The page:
Former Suffolk County Legislator George Guldi was found guilty of insurance fraud and second-degree grand larceny, the 12-member jury at the in Riverside ruled Tuesday at 5:15 p.m.
Guldi was found not guilty of second-degree criminal possession of a forged instrument and second-degree forgery.
After the verdict was read, Judge James Doyle set Guldi's bail at $500,000 cash or $1 million bond, despite a request by Assistant District Attorney Thalia Stavrides to hold Guldi without bail, claiming he was a "serious flight risk."
Guldi argued that he has five children and serious health problems and would not skip bail.
A bail source hearing is expected to be set. In the meantime, the judge has scheduled the sentencing for March 18.
Guldi faces up to two-and-a-third years to seven years for insurance fraud and five to 15 years for grand larceny.
Gudi was led away in handcuffs with tears in his eyes, and was remanded to Suffolk County Jail in lieu of bail.
"It’s a comfort to know this has come to an end and he will be disbarred," Stavrides said of the verdict. "Mr. Guldi has made a living by manipulating and distorting words and engaging in criminal conduct."
Stavrides said she was not surprised by the acquittal on forgery charges because she said it was the weakest part of the case.
Chris Brocato, Guldi's court-appointed legal advisor, said Guldi will appeal.
"Obviously we were disappointed," he said. "George is not going to stop fighting to prove his innocence, absolutely without a doubt."
Borcata said he will start working on an appeal after the March 18 sentencing.
Guldi’s trial was marked by high drama as the former lawmaker fought against charges that he forged the endorsement of Countrywide Home Loans on an $863,000 insurance check paid out by AIG after his Westhampton Beach home was ravaged by fire, and that he placed the proceeds into his own bank account.
Highlights of Monday’s proceedings — the courthouse was closed Friday in observance of Lincoln’s Birthday — included summations by both Guldi, an attorney, who represented himself in the proceedings, and Stavrides.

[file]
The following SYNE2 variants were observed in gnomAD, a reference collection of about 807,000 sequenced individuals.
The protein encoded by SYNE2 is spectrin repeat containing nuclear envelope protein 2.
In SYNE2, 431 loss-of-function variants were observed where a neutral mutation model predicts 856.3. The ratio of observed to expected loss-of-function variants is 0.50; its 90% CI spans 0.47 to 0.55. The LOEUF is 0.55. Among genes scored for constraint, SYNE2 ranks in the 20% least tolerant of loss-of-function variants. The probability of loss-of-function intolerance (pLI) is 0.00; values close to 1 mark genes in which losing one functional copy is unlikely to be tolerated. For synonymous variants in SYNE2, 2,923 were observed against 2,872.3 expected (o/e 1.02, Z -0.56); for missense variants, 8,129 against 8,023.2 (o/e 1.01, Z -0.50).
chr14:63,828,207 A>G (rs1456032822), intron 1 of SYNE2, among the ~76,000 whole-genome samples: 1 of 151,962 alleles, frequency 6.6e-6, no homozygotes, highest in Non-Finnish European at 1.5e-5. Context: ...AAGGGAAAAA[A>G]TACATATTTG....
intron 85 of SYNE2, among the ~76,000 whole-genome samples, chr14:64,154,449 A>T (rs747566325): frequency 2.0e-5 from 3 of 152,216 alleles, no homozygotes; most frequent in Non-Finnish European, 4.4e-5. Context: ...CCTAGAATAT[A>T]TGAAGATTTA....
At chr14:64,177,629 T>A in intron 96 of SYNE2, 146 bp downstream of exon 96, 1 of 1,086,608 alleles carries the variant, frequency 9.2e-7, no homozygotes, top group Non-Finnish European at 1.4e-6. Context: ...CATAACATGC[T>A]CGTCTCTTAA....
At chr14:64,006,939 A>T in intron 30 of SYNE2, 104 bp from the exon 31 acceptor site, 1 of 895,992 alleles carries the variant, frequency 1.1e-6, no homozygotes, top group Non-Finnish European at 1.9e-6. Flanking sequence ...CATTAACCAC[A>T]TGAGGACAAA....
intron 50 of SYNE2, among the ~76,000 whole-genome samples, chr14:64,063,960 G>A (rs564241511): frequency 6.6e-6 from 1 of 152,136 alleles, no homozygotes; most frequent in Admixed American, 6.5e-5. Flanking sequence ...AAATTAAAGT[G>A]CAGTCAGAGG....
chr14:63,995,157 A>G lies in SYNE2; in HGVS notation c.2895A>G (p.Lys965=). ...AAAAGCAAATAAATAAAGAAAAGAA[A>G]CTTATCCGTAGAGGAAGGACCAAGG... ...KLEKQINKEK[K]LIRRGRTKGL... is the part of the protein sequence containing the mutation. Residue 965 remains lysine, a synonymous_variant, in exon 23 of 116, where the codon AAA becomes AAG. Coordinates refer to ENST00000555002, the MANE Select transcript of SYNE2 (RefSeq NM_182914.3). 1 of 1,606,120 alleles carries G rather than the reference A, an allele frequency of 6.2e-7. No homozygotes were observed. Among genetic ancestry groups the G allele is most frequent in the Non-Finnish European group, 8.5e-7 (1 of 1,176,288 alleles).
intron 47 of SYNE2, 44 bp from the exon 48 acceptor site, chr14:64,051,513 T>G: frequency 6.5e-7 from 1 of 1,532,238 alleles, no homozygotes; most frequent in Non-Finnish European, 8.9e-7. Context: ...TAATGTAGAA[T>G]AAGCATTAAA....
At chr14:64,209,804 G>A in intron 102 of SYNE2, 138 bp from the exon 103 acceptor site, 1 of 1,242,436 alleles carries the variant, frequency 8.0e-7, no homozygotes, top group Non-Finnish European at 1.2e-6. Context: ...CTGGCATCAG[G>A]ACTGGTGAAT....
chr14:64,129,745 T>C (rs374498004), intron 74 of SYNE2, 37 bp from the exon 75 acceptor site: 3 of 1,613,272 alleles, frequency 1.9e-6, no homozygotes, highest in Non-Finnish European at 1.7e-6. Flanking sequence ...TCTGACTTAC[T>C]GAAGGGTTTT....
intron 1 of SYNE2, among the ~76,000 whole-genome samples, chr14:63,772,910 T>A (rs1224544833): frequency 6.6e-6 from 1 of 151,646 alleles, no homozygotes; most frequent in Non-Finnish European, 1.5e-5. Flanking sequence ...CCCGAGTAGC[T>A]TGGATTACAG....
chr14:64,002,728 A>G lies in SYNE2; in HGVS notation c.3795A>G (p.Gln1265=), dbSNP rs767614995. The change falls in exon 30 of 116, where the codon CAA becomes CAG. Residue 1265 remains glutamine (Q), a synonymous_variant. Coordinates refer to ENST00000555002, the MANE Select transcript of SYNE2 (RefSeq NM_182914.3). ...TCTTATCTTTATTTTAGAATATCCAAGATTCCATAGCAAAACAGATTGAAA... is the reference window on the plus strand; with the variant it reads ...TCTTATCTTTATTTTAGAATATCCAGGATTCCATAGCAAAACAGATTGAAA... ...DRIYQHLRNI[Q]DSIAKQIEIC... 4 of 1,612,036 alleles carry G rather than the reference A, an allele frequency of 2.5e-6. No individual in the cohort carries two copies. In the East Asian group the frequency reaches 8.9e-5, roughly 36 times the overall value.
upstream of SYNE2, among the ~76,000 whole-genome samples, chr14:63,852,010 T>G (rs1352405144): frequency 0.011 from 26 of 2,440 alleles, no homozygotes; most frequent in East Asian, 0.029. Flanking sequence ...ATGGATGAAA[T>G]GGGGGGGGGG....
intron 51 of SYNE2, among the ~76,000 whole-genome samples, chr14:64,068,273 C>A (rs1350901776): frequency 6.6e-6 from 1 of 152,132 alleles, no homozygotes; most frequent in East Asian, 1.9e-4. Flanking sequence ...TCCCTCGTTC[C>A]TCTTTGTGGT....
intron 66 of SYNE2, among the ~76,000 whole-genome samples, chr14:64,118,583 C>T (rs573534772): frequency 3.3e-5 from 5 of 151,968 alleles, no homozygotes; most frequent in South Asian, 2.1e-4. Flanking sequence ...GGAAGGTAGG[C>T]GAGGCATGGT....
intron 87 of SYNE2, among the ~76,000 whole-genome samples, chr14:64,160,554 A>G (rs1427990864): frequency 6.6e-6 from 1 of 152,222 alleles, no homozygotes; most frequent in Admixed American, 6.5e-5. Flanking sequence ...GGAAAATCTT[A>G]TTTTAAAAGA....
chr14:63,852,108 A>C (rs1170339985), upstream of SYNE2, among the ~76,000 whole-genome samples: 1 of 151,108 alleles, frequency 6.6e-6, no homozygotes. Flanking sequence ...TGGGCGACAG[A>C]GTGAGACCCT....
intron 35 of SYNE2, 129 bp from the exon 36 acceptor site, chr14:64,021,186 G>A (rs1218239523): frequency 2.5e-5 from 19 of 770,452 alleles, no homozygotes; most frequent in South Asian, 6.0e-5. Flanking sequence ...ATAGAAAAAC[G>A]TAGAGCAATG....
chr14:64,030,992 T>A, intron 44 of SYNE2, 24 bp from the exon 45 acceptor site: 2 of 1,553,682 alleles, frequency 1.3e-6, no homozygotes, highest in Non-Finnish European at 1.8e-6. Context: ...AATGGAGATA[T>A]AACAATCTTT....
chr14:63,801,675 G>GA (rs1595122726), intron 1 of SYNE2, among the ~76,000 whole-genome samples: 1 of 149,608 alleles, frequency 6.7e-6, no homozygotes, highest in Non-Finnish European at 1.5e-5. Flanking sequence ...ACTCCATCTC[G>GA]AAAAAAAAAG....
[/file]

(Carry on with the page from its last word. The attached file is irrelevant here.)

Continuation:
During more than four weeks of testimony, a steady stream of witnesses was brought to the stand, including high profile individuals such as Ethan Ellner and Dustin Dente, co-defendants with Guldi in a pending mortgage fraud case. Authorities says Guldi was a central figure in an $80 million mortgage stacking scheme.
No date has been announced yet for the start of proceedings in that case, in which Guldi will face a laundry list of charges.
Media frenzy was sparked after county Executive Steve Levy was subpoenaed by Guldi to testify during the trial regarding his alleged ties to Ellner. Guldi has said Ellner received county gigs from Levy in exchange for “pay-to-play” campaign donations. After much speculation about whether Levy would take the stand, Doyle granted a motion to quash Levy's subpoena.
In addition, the judge ruled that the name of a high ranking county official Ellner accused in his testimony could not be uttered in court. Guldi instead referred to him as “He Who Must Not Be Named.”
Both attorneys took great pains to build their cases, with Stavrides calling witnesses to paint a picture of Guldi as a man who was broke and facing foreclosure on a number of fronts at the time the check was deposited in his account.
Guldi, meanwhile, in a surprise move, took the stand to testify himself. His testimony highlighted key points of his defense, including the issue of who held the note to his $1.4 million mortgage. Guldi maintained that MERS, not Countrywide, was the owner of the note.
In addition, Guldi produced phone records pinpointing cell tower locations to illustrate to the jury that he could not have been in the places, nor had the phone conversations, that Ellner testified to and that a conversation Ellner said he had with Guldi, in which he said Guldi told him he planned to forge the check and deposit it into his personal account, never took place.
Guldi also raised questions about Ellner’s testimony regarding the appearance of the porch at the home where the fire took place and about the presence of “antique pots” Ellner said he remembered but Guldi said were never there.